Saturday, March 5, 2016

An Introduction to Logic and Reasoning Skills (Part 1)

When discussing and evaluating issues it is important to be able to present our opinions in a logical and reasonable manner. 

For example, I am sure you have witnessed this type of exchange in the comments section on YouTube: 
  • Person #1: I know the earth is flat but Illuminati’s created the earth round to make people not believe in God
  • Person #2: Haha you idiot
  • Person #1: Insult is the first proof that someone knows he lost ... He will insult you instead of understanding why
  • Person #2: Knows I lost huh. Again, you are a moron
  • Person #1: I won’t insult someone that only wants to insult and not look for the truth ... You’d rather trust what others say and not your own self and for that I will block you, but I hope one day you’ll repent for your sins
  • Person #2: Go kill yourself

(Actual comments posted on a video “Flat Earth theory & Evidence!?”)

Clearly there are no logic or reasoning skills being demonstrated here. Opinions are stated without qualification, and for no good reason insults traded. No attempt has been made to explain or examine anyone’s opinion, belief or idea.

Depressingly, this sort of behaviour is very common on social media; but there is another way.

In order to avoid unnecessary conflict, and simply as a matter of basic respect, we should engage thoughtfully, critically and logically with the variety of different viewpoints people hold. What might this look like? 

Well, let’s consider the following statement: “God exists because the Bible says so.” For those who believe the Bible is God’s written Word, this obviously justifies God’s existence. If the Bible says there is a God, then it must be true.

Also, they might say if there is no God then where did the Bible come from and why was it written? For them the very existence of the Bible is evidence for God’s existence.

Of course, an atheist would naturally disagree! Atheists do not believe God exists and many argue that the Bible is simply a human creation. As such the Bible cannot be used to support the claim that God exists.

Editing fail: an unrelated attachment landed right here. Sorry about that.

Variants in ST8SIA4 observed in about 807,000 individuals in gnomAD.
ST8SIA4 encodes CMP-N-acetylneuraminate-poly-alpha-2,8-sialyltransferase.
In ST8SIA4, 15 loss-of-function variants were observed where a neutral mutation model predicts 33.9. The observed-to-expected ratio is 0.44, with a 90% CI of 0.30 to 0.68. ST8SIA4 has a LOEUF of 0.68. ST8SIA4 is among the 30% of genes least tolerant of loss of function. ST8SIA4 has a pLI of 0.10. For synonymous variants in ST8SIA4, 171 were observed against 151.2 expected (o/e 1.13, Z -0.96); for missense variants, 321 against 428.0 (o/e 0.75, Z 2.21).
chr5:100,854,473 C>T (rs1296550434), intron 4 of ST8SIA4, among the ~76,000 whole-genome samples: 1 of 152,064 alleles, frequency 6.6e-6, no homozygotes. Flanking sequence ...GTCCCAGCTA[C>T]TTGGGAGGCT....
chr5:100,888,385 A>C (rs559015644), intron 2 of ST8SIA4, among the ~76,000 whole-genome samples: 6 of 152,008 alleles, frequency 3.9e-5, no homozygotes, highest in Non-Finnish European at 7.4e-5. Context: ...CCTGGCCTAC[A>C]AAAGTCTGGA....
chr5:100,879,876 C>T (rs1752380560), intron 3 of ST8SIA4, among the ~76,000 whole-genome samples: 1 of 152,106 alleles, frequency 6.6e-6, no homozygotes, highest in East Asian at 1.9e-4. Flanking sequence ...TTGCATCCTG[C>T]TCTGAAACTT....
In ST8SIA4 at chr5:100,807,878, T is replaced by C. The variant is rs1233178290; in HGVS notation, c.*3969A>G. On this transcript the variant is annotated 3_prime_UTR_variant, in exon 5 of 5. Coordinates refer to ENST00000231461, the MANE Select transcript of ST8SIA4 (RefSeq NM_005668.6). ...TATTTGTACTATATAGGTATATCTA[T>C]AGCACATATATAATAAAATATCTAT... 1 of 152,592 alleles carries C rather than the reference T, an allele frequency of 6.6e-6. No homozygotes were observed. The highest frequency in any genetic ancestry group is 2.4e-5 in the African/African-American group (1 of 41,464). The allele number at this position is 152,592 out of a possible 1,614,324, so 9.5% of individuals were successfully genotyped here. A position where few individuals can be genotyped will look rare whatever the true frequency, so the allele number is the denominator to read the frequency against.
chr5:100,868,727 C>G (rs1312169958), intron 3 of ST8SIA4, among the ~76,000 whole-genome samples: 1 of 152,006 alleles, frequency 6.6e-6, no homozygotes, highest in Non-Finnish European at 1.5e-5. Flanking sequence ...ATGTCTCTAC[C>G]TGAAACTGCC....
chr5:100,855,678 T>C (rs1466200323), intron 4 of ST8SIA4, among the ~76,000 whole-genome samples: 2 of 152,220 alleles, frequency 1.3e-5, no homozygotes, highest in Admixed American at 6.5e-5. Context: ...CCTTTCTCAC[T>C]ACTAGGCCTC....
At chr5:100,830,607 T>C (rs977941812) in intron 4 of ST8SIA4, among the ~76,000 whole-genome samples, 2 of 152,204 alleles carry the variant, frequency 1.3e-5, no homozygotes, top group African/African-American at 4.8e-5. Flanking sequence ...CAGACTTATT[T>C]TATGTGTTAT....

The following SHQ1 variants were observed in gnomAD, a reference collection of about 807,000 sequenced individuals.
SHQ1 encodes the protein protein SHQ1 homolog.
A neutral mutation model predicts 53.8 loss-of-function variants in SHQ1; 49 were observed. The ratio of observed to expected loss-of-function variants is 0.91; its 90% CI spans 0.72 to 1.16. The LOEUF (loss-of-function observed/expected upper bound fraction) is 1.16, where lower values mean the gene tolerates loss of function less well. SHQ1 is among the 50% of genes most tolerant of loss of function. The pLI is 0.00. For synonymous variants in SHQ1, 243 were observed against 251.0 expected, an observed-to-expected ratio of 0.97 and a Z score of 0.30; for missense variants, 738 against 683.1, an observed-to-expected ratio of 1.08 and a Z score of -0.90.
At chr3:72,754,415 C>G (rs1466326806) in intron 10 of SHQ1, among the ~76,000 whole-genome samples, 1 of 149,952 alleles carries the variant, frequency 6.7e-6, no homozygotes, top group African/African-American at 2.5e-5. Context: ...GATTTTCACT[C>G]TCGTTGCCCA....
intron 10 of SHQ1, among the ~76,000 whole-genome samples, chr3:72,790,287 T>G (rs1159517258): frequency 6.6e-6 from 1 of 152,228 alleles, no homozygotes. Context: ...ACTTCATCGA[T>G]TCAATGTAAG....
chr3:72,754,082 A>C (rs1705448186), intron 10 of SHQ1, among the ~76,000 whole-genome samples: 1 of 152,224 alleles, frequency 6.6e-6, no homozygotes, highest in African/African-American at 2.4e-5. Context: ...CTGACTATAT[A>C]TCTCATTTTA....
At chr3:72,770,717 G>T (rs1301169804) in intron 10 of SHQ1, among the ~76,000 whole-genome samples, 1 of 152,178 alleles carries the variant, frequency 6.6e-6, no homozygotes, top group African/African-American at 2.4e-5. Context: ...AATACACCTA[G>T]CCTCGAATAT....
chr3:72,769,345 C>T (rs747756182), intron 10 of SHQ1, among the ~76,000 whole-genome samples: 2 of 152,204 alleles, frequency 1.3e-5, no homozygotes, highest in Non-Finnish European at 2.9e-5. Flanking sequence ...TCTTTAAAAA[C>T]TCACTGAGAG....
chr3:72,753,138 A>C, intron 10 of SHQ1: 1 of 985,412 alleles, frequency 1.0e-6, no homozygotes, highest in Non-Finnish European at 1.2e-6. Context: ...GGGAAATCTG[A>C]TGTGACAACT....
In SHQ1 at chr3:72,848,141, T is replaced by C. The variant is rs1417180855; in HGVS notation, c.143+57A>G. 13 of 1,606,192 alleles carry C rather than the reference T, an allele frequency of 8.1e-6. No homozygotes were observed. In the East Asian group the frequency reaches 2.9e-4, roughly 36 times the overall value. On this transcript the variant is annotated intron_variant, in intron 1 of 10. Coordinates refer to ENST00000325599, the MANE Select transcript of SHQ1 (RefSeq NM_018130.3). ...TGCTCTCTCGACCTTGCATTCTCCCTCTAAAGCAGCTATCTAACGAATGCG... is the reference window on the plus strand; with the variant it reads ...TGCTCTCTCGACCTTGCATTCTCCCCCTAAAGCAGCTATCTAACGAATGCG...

Yet for all that atheists will dispute the existence of God, they cannot reject the existence of the Bible. The Bible clearly exists, but where did it come from? Why did people start writing down experiences they claimed to have had of God? If there is no God then why did people keep and preserve these writings and use them as a basis for their social and religious communities? And so the discussion begins.

Logically and reasonably we first need to establish a criteria for proving whether “God exists because the Bible says so”. For example, if a particular book actually is the Word of God and therefore evidence for God’s existence, what would such a book look like? 

What sort of writings would it contain? Would it have any errors? Could its human authors be said to have reliability communicated God’s teachings or commandments in it? Should we expect the original documents to still be around? Are we able to validate its religious truth claims on the basis of it reliably recording certain factual or historical events? And so on.

To examine the claim that the Bible is evidence for God’s existence requires us to explore and understand the assumptions being made to support or deny this, and to do this we need to ask questions and tease out the reasons people have for their different beliefs about it.

The bottom line is this: We cannot reasonably argue against some else’s point-of-view without giving them a good reason as to why we think we are right, or without giving them a good reason for why we think they are wrong!

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